Megan Ayers

Having your professors know you, hold you accountable, and be really invested in your learning and future is invaluable, and I am grateful to have had that support at LC.

Megan Ayers BA '19



Degree and Class Year

BA ’19

Current City

New Haven, Connecticut


Physics and Mathematics


Physics Club, SQRC tutor

Overseas study

Paris, France

Continuing Studies

Current PhD candidate in the Department of Statistics & Data Science at Yale University

What three words would you use to describe L&C?

Supportive, Collaborative, Outdoorsy

What made you want to come to Lewis & Clark?

During my first visit the campus immediately stood out to me—it is so beautiful and calming. The openness around academic exploration really appealed to me too—I was initially undecided about what I wanted to major in, but loved the idea that it would be possible for me to double major and also study abroad for a semester if I chose to. Another important factor was the generous merit scholarship opportunities that LC offers which helped make it a financially feasible option for my family and I.

What have you been doing since graduation?

After graduation I worked for a year in Portland as a data analyst. Since the fall of 2020 I have been a PhD student at Yale in the Statistics & Data Science department, and just advanced to candidacy in the spring.

How did Lewis & Clark prepare you for post-college life?

LC provided me with a really supportive environment and network of people that allowed me to explore my different interests and ideas and figure out what I wanted to do with them. Academically I think it’s a very encouraging and collaborative environment. That helped me to not just learn a ton of new skills and material, but also to build confidence in myself while working closely with faculty and getting individualized feedback and taking many classes with the same close group of peers in my majors. Looking back and also comparing LC to bigger schools, the amount of time that I got to spend one-on-one with professors was amazing. Having developed those close relationships with faculty helped me so much, from figuring out which classes I should take, which summer research internship opportunities I should apply for, which career paths made sense with my interests, and even which graduate program I should attend (even though I was no longer at LC when deciding)! Having your professors know you, hold you accountable, and be really invested in your learning and future is invaluable, and I am grateful to have had that support at LC.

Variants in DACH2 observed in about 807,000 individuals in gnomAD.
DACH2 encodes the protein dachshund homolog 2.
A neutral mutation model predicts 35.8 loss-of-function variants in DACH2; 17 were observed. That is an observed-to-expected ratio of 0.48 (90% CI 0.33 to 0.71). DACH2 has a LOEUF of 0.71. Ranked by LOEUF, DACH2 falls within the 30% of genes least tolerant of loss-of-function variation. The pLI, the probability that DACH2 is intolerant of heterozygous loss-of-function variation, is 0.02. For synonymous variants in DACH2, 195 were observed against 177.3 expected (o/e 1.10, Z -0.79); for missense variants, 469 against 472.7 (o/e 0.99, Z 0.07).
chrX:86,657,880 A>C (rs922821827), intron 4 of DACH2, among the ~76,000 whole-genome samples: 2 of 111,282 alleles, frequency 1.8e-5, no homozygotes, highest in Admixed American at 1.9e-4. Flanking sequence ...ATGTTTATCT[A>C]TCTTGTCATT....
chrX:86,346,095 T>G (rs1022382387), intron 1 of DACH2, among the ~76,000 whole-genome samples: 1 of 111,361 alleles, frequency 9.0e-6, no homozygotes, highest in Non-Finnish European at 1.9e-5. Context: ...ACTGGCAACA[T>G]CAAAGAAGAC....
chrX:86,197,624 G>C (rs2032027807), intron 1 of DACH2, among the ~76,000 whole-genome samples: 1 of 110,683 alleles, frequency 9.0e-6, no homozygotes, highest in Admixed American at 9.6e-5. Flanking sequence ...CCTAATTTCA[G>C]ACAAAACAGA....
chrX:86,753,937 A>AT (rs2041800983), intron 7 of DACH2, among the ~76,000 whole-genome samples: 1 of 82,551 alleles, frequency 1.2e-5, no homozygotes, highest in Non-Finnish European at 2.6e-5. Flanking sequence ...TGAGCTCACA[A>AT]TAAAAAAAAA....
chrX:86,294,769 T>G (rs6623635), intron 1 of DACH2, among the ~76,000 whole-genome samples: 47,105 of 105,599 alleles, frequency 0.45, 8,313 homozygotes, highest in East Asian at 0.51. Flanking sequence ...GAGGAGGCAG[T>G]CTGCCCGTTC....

What would you say is the most important thing you learned at Lewis & Clark?

That making some mistakes and being confused is part of learning, and that the more comfortable I am with that, the easier it is to be open minded and learn and discover new things. That attitude adjustment motivated me to keep working through challenging material and also to see coursework as an investment in my skills and abilities rather than just a set of hoops to jump through to get a grade, which has definitely also helped me push through some difficult times in my PhD so far.

Why did you major in physics and math?